Morehead City's Bob Simpson was an N&O correspondent for more than 50 years. He recently passed away at age 92. Here is a selection of columns he submitted over the years:
A merry, noisy evening
(Published Dec. 29, 2002)
PELTIER CREEK Granddad used to quote a verse: "If you ever are lonely, brother, the cure is to share a little with another, stretch an open hand to one unfriended and both your lonely days are ended."
Sylvia lay dockside, gently rocking in the restless waters and wind. All day the wind had been screaming out of the west, the crash of waves, hissing of whitecaps rolling and breaking water hissing over the shoals and beach. Seabirds tossed about in restless flight, riding the wind in wild abandon. Even the pelicans had come inside to join the ducks seeking shelter from the gale. The prospects for the annual night of caroling, even within the sheltered waters of the creek, looked bleak.
For the past quarter-century, it has been our custom to gather a few long-term watermen who think they can sing for an evening of caroling aboard Sylvia. Having the singing voice of a crow with a bad cold, I run the boat and let them make all the noise they can.
Somewhere halfway between sundown and midnight the wind eased considerably, a blue-white glow silhouetted the oak and pine against the eastern sky as a brilliant moon eased over the horizon. John McCallum, from Taylor Boat Works up the creek, went down to the boat with me to look over the situation.
I was eager to go, but I hesitated. It was still rather windy, and chilly, too much for the caroling crew?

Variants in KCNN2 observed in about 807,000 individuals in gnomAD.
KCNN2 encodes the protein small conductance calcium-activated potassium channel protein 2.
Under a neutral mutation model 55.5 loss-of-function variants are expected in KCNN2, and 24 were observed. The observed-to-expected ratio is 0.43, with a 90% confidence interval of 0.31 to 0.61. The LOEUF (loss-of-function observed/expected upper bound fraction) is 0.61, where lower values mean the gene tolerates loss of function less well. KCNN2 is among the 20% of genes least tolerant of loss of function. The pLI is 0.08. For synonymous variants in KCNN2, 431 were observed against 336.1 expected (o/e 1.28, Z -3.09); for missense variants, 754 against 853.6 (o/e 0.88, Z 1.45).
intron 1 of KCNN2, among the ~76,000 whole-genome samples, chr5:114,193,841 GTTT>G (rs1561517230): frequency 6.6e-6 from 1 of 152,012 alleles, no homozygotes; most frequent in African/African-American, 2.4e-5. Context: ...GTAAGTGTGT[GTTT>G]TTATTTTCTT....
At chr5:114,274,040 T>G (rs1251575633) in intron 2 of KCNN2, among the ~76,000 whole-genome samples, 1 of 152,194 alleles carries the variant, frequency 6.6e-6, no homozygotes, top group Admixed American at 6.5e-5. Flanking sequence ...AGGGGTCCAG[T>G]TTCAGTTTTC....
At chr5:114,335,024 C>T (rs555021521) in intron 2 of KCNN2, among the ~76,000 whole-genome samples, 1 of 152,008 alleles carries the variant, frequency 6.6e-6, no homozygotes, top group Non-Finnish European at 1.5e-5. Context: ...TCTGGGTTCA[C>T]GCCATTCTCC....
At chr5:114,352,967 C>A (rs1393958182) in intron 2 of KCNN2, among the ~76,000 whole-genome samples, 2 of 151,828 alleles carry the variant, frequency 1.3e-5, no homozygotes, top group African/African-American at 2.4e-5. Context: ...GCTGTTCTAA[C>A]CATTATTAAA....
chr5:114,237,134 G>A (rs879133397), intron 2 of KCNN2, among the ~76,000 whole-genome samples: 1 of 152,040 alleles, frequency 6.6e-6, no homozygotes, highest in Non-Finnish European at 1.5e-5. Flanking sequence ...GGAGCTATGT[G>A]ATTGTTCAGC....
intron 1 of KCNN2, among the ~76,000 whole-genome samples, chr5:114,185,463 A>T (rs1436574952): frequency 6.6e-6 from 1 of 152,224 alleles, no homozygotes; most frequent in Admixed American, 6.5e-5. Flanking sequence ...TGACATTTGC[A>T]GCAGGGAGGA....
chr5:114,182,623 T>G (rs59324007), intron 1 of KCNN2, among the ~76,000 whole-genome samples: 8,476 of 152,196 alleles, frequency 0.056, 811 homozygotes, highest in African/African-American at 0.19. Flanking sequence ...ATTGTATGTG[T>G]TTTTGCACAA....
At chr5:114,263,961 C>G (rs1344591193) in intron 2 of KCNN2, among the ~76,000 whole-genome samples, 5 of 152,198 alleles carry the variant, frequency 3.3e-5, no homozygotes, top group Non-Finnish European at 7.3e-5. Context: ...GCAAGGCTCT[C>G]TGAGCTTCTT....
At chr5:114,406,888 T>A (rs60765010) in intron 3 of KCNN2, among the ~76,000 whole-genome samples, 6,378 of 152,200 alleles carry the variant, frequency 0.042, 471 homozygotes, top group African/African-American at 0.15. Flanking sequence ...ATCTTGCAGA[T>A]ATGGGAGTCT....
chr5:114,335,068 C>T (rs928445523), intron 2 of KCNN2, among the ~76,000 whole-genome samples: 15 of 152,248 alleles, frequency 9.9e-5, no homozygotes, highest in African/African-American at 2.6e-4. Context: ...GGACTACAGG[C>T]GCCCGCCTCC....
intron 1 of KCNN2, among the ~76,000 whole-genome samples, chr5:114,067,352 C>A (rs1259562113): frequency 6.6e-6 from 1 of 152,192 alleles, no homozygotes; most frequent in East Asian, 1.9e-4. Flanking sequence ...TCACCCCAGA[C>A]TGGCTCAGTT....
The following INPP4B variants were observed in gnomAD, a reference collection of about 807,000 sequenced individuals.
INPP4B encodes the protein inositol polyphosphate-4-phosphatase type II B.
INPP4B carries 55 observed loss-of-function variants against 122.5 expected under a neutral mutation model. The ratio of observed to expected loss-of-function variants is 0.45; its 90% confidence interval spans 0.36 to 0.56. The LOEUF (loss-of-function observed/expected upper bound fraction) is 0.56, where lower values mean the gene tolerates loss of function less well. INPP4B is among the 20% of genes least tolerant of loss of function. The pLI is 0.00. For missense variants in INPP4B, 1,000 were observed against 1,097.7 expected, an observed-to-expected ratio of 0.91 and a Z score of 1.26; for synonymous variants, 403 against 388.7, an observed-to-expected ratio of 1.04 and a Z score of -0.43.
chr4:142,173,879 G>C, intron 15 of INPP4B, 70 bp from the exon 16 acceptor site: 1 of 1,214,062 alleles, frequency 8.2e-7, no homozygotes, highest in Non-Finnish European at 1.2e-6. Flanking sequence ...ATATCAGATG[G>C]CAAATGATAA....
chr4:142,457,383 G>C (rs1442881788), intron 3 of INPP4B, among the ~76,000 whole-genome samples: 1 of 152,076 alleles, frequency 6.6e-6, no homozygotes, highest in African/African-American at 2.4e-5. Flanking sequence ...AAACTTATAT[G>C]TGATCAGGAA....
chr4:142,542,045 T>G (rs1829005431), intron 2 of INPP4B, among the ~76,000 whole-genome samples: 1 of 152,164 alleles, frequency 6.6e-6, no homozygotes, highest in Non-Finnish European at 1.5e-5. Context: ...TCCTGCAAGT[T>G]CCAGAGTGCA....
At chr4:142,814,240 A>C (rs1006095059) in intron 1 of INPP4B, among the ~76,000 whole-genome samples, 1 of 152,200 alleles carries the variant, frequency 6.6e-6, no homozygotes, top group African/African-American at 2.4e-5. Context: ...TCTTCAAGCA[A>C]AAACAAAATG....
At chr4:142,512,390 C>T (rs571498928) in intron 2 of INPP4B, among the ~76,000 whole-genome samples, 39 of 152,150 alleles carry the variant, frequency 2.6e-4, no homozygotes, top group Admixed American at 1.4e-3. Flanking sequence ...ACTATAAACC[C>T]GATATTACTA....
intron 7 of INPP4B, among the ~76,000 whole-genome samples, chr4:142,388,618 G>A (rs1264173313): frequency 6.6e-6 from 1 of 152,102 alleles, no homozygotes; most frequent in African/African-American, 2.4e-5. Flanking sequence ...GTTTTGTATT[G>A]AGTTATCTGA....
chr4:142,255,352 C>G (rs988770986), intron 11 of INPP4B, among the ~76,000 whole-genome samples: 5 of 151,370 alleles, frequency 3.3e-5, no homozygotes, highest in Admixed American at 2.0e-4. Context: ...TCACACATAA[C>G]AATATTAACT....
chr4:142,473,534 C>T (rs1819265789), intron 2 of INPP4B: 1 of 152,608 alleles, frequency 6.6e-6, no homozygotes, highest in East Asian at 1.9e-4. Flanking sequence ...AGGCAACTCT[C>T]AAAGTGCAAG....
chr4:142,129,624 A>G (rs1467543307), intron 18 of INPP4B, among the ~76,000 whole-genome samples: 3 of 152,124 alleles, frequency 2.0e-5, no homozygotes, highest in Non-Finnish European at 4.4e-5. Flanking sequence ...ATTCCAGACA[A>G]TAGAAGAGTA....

John offered, "If you give them a choice, they'll find a way to back out, don't ask, just go."
Sylvia gave off a faint aroma of oil and wood, of paint and salt as I stepped aboard and wound my way forward in the familiar darkness. A small brass oil lamp below the forward cabin hatch provides her basic interior illumination. A sniffing and quick inspection of her vitals, oil, filters, cooling system and life jackets, all in order. The main battery switches closed, topside, at the wheel, the fuel valve opened, throttle set, clutch in neutral, ignition on, a quick spin of the engine and the ancient Chrysler Crown flathead six dating from World War II rumbled to life, soon settling down to a steady murmur of power. Side curtains rolled up, running lights gleaming, the old girl was alive and raring to go as her crew gathered.
There's a lonesome but friendly feeling to the creek at night. Not a very large body of water, opened first in the late 1920s as a failed land speculation. Little used before the 1950s, when the entrance was dredged, it has provided shelter for boats during hurricanes. Today, the banks are lined with ever-increasing numbers of mansions and bank-to-bank mega-yachts of fiberglass replacing the old fishermen's cottages and wooden work boats.
Sylvia tied loose, we nudged her from the comfort of the dock and slid into the night. Gliding smoothly into the darkness gave me a feeling of sudden freedom, a merging with the elements as she swung toward the channel. As captain, I issued my first command, "Now sing ye lubbers, else there'll be no dessert tonight!"
Power cut, the boat idled past the gleaming windows of homes secure against the night air. The response to the spotlight beam was at best feeble, but each new song of joyous verse rang out accompanied by an occasional tooting of the old "Auuga" horn of yesteryear. Despite the sincere vocalizing efforts, most shore-bound landsmen did not seem to fully appreciate the efforts. More than one immediately pulled curtains, doused lights and sought shelter from the intrusion. I figure that the power of television, cable or otherwise upon the modern generation is overwhelmingly addictive, and those that were aware of our presence figured it was just a bunch of drunks making noise.